This is in stark contrast to industrial meat production in developed nations. When the Meat Atlas 2021 was released in early January, Barbara Unmüssig of the green think tank, the Heinrich Böll Foundation, summed up the argument against agribusiness meat when she said it "pushes people off their land, leads to deforestation, biodiversity loss and the use of pesticides — and is also one of the main drivers of the climate crisis."
The call to increase access to sustainable meat and dairy produce across the Global South is complicated by the fact such products are often sold in a "wet" market, like the one where the coronavirus outbreak in Wuhan, China, is believed to have occurred. Such a devastating zoonotic disease that is passed on between animals and humans has heightened calls to ban wet markets.
But will such a ban end up threatening food security and forcing the problem underground?
"More than 80% of eggs, milk, meat and fish are sold in such markets in developing countries," said Dieter Schillinger, deputy director general biosciences at the International Livestock Research Institute. "We cannot get rid of them. Rather, we must make them safe. This can be done."
Despite the wild animal trade often remaining unregulated and exploited, Doreen Robinson of the UN Environment Programme fears that reduced access to wildlife will make communities over-reliant on limited forms of meat protein and crops. "The environment offers healthy natural food choices if we take care of it," she said.
In the wake of the COVID-19 pandemic, there is now a far greater focus on monitoring these markets for early detection of pathogens. "This fatal situation ... has at least bought to the attention of many that the health of humans, animals and the environment are closely linked," said Björn Niere.
Wet markets, like this one pictured in Calcutta, India, are a common source of food for many across the globe
But in some countries, the sale of some exotic meats, like Pangolin, have been linked to the spread of disease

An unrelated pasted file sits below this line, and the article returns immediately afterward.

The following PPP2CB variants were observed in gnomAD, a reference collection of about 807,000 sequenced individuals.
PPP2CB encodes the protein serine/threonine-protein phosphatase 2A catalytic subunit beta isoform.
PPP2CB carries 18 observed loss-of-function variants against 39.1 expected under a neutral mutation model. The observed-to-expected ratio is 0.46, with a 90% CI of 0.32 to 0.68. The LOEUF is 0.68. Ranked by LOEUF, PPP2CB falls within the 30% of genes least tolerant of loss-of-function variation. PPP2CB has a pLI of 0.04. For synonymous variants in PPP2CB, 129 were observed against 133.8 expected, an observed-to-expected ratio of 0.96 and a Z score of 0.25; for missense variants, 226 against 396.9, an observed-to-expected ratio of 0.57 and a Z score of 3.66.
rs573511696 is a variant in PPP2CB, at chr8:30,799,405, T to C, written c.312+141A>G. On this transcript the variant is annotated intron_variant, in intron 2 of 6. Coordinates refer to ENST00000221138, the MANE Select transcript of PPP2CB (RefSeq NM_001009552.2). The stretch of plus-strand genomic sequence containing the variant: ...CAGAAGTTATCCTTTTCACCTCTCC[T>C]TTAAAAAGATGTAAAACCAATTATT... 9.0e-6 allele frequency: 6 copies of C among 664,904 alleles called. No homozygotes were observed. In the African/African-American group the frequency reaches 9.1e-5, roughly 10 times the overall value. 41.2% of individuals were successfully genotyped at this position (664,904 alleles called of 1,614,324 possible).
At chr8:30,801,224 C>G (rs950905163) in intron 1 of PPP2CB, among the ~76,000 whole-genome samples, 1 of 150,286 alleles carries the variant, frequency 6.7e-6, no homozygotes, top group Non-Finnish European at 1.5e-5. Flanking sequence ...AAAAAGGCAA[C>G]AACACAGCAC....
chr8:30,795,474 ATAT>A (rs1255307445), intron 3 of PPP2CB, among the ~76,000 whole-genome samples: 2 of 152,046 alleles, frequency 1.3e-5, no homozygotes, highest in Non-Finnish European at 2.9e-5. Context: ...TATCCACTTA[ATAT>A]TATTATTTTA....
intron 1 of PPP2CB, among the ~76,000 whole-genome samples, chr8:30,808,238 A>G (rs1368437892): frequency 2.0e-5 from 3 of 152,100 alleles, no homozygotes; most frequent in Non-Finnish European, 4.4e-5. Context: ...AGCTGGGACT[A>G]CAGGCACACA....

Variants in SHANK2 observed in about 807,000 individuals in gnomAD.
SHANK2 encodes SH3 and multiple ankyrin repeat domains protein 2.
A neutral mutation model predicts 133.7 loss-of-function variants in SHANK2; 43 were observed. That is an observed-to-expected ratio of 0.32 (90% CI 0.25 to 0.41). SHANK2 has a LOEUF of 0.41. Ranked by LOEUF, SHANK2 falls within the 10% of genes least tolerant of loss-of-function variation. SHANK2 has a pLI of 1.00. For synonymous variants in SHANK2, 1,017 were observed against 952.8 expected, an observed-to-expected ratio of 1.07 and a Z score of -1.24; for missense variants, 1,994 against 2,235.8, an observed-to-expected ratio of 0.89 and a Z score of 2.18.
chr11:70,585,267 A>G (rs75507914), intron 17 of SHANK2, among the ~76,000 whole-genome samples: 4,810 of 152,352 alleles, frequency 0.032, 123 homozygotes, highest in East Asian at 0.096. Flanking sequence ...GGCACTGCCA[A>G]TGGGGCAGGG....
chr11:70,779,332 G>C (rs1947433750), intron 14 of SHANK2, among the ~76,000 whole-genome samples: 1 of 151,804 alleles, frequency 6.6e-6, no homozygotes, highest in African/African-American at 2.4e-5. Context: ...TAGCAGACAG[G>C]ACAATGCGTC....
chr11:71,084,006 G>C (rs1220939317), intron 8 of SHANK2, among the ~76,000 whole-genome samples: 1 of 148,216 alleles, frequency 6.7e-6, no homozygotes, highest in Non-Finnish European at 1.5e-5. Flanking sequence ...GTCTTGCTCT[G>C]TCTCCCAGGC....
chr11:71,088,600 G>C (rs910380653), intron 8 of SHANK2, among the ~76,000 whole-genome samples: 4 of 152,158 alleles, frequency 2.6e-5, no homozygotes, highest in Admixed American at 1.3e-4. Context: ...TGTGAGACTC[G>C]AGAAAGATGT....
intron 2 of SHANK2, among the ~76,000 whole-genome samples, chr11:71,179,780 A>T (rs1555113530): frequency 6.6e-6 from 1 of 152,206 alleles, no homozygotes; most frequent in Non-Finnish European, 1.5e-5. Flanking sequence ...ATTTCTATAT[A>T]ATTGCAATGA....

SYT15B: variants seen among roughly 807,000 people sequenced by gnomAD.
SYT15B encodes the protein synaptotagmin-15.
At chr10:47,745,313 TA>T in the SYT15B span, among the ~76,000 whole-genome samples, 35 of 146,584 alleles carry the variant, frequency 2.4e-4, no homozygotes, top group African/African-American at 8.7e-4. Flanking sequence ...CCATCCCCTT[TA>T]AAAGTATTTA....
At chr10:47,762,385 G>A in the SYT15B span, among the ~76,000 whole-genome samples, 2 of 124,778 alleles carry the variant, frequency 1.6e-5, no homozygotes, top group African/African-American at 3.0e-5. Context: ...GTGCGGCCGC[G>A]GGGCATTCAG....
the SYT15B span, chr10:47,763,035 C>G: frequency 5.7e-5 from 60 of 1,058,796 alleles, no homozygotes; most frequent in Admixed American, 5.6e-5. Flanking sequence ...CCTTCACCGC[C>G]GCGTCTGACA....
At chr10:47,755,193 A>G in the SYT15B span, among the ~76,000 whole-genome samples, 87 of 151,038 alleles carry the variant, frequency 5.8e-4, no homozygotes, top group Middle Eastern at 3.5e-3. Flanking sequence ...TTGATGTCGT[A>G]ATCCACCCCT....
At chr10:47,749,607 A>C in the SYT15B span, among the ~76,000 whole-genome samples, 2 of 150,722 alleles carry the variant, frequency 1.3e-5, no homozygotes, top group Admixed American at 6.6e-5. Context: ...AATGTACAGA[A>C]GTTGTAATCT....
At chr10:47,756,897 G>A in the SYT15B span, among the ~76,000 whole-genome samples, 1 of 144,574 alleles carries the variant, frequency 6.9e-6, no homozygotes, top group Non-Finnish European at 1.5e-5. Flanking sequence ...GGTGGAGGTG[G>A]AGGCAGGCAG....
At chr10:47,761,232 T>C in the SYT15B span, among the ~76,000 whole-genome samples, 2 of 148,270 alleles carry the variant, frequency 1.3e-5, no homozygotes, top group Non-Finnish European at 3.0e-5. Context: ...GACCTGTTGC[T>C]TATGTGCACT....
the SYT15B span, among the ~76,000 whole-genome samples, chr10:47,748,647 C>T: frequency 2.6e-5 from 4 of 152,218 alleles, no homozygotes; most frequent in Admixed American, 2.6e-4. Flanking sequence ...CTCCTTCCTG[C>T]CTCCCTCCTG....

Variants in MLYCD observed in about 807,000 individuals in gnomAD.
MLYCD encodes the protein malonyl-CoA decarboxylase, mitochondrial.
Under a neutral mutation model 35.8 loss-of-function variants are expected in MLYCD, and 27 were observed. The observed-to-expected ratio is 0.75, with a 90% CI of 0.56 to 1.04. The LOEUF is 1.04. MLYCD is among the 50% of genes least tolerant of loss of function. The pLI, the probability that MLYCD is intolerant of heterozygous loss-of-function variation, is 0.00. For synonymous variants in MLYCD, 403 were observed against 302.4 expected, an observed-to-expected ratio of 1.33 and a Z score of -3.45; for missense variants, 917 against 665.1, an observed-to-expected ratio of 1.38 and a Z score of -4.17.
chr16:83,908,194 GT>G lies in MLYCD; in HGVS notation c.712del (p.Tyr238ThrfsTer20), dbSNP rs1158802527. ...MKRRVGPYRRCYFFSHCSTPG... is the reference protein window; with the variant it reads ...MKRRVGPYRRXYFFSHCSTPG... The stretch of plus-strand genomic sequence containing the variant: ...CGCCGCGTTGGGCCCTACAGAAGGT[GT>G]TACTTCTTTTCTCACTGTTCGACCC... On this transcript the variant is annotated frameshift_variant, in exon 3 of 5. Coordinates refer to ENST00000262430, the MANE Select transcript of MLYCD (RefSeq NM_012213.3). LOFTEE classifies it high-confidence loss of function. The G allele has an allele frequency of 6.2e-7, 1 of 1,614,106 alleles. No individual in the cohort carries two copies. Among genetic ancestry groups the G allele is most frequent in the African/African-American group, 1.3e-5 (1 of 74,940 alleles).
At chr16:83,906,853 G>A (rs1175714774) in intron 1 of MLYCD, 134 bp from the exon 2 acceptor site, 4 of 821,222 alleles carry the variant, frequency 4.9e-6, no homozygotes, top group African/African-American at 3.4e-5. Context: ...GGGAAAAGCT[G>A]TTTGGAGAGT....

The irony of growing global food insecurity is the fact that humans currently produce significantly more food than they need. A major culprit is food waste, which also contributes significant greenhouse gas emissions and exacerbates climate change — which in turn will limit future food production.
If food loss and waste were a country, it would be the third largest carbon emitter, said Lindiwe Majele Sibanda, director and chair of the African Research Universities Alliance Centre of Excellence in Sustainable Food Systems (ARUA).
The amount of wastage at the "farm gate" — meaning food that spoils before it is even shipped — can be up to 60%, she said.
"We have challenged 20 major food companies to work with growers to reduce food loss and waste by 50%," said the ARUA chair, with better refrigeration high on the agenda. "We have to work together."
Meanwhile, some Indian farmers have resorted to direct selling to reduce waste during lockdowns.
Such partnerships will be integral to achieving the interrelated goals of zero hunger and carbon neutrality by 2030 and 2050 respectively. Sibanda says this mission must be founded on a science that is "transdisciplinary," and which "seeks to transform food, land and water systems in a climate crisis."